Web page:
So, what does it take to set up a professional looking blog that you can call your own in the real sense and take with you from one webhost to another, whenever you feel like? Well, the answer is – nothing much. All you need is a domain name for your website and a hosting service to keep it live 24×7. The installation process is no rocket science either. If you are comfortable running a PC, you are good enough to set up your own blog.

In the tutorial below, we walk you step by step through the process of setting up a self-hosted WordPress blog.

Step 1: Register a domain name

Before you begin setting up a blog, you need to decide upon an address with which people can access it from their web browser. It is called domain name and it forms a major part of your blog URL. For example, in the URL http://learntoblog.com, learntoblog.com is the domain name.

You can buy a domain name from a domain name registrar for a particular period of time (usually a year and in multiples thereof) and then continue to renew it so long you intend to keep it with you. There are a lot of domain registrars you can register a domain name with; here is how you can do it with Godaddy, one of the popular domain registrars:

domain-search

  • Visit their website: godaddy.com
  • Using the search box on the homepage, check out the availability of the domain name you want. You can check for different extensions but .com, .net and .org are among the most popular domain extensions, in that order.
  • Once the domain name you want to go with is available, add it to the shopping cart and click on Continue
  • They will try to cross-sell various other products/services along with the domain name, but you can ignore all of them and Continue to Cart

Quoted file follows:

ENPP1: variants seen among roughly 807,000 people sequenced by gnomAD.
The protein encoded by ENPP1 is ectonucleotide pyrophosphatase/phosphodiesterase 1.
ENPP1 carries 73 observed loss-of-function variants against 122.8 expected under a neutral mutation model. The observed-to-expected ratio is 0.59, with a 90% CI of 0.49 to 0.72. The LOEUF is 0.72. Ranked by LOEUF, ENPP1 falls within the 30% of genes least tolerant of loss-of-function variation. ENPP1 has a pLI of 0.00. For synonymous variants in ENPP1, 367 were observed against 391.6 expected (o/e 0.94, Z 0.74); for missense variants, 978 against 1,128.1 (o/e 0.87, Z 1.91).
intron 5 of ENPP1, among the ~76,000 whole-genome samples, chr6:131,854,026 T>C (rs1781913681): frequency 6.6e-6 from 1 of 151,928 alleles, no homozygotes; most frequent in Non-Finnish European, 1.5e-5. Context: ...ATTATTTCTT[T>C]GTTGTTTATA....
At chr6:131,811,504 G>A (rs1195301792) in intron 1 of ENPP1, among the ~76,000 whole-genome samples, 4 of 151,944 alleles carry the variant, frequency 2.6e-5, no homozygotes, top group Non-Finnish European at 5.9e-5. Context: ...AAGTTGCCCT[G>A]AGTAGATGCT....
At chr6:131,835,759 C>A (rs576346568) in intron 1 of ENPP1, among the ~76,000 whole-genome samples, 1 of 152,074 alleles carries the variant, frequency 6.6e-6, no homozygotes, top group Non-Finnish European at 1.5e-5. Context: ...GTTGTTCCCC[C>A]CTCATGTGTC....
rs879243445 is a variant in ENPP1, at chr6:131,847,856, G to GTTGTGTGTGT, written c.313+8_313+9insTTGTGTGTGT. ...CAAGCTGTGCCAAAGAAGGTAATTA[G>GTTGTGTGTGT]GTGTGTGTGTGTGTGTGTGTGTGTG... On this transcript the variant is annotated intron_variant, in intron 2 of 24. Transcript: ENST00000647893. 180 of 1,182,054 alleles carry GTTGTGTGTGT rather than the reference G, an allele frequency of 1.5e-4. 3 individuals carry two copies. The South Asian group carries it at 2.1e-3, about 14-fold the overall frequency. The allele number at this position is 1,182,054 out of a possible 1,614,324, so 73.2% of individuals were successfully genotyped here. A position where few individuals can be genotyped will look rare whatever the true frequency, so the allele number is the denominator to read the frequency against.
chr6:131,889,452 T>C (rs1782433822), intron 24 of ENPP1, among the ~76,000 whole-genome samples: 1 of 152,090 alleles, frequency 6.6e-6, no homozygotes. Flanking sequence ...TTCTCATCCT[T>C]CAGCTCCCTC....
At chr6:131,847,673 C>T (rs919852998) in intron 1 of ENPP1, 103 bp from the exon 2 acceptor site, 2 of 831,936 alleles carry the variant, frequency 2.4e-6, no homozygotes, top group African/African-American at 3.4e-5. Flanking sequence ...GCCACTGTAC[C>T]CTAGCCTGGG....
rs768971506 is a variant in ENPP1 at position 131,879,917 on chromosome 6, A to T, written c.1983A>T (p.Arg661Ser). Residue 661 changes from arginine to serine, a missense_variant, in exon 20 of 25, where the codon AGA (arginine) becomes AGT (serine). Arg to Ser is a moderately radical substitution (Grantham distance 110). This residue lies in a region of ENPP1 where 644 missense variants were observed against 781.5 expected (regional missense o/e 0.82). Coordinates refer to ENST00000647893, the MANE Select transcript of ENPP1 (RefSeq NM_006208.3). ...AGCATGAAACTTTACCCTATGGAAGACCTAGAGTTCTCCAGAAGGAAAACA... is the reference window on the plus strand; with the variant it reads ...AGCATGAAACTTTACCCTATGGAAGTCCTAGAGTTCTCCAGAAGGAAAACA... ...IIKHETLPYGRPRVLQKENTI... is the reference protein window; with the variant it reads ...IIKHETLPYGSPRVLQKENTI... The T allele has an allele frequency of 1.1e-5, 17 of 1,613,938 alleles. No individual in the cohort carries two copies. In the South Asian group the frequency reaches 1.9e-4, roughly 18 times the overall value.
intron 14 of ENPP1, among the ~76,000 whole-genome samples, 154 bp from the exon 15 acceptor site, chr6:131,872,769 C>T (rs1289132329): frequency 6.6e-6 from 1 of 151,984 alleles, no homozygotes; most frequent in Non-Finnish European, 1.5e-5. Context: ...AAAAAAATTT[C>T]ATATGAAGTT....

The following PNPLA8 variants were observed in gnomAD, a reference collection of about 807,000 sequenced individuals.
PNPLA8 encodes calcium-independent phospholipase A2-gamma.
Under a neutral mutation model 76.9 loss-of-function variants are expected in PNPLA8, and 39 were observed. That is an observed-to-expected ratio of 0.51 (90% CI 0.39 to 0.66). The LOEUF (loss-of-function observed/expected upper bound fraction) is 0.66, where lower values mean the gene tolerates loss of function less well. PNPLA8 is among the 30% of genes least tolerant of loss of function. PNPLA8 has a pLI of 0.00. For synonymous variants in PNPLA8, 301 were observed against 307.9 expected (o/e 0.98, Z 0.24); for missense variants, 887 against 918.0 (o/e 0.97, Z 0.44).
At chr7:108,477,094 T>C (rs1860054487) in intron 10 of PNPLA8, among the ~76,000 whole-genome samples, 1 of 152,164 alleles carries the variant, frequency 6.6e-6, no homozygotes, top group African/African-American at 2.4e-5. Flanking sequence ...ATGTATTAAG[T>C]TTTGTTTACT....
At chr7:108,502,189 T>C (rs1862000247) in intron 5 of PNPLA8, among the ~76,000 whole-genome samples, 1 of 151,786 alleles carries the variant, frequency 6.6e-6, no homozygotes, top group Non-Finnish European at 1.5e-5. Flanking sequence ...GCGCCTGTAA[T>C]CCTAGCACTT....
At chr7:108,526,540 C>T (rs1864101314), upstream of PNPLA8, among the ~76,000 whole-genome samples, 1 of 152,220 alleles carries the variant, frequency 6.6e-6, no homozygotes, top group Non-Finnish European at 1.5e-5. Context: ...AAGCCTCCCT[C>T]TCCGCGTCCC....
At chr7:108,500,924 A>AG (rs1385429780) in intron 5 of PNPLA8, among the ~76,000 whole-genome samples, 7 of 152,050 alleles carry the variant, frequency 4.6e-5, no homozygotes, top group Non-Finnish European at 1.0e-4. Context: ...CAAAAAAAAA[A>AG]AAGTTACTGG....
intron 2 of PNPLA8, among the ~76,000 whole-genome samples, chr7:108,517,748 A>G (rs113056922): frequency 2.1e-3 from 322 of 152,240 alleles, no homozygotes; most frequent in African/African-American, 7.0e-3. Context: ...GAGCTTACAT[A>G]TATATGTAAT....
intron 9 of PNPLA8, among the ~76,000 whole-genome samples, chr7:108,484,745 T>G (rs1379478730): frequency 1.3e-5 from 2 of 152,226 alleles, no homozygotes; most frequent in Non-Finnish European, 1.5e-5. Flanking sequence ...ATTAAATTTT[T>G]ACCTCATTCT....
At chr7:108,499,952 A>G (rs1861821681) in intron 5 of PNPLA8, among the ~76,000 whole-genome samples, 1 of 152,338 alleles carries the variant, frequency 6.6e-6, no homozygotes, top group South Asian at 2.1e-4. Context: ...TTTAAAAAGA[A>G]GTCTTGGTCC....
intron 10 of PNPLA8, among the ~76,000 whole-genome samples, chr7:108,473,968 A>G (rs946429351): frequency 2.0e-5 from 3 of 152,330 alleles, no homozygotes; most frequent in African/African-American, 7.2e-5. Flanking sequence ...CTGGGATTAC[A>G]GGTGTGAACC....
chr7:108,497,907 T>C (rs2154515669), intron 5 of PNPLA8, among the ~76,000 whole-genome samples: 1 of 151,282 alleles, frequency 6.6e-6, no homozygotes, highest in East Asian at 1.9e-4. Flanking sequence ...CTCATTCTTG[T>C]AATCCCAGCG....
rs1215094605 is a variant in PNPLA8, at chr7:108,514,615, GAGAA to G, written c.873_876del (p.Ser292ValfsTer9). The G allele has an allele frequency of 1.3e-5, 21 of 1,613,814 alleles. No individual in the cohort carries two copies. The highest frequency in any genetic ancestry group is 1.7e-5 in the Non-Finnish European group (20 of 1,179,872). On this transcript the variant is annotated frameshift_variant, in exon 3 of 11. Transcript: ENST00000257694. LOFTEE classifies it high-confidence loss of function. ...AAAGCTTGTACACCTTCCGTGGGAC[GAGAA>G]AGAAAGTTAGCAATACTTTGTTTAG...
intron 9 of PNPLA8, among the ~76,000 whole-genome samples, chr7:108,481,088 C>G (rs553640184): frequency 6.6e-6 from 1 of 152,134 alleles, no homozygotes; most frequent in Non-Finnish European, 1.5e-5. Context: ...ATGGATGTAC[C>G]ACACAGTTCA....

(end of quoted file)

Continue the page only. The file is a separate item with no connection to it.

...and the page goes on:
• This will take you to the order review page. Once you are sure of the order summary, you can Proceed to Checkout
  • If you have not registered with them earlier, click on New Customer and fill in all the details. You will also have to select a payment method and enter the necessary details. Once ready click on Continue.
  • Once the payment is processed successfully, the domain will be in your account. You can login to your Godaddy account using your username and password, and manage your domain.

Step 2: Buy a web hosting account

Next you will require a web server where you can install the blogging software and upload your blog files. But you don’t have to buy yourself a physical server for this. There are a number of webhosts that offer this service. So, all you have to do is buy a web hosting service from some reliable provider like HostGator:

  • Click on View Web Hosting Plans

view-webhosting-plans

  • Select the plan you want to go with and click on Order Now. For beginners intending to set up only 1 blog, Hatchling Plan should be sufficient. If however, you want to set up multiple blogs, then you should go with the Baby Plan.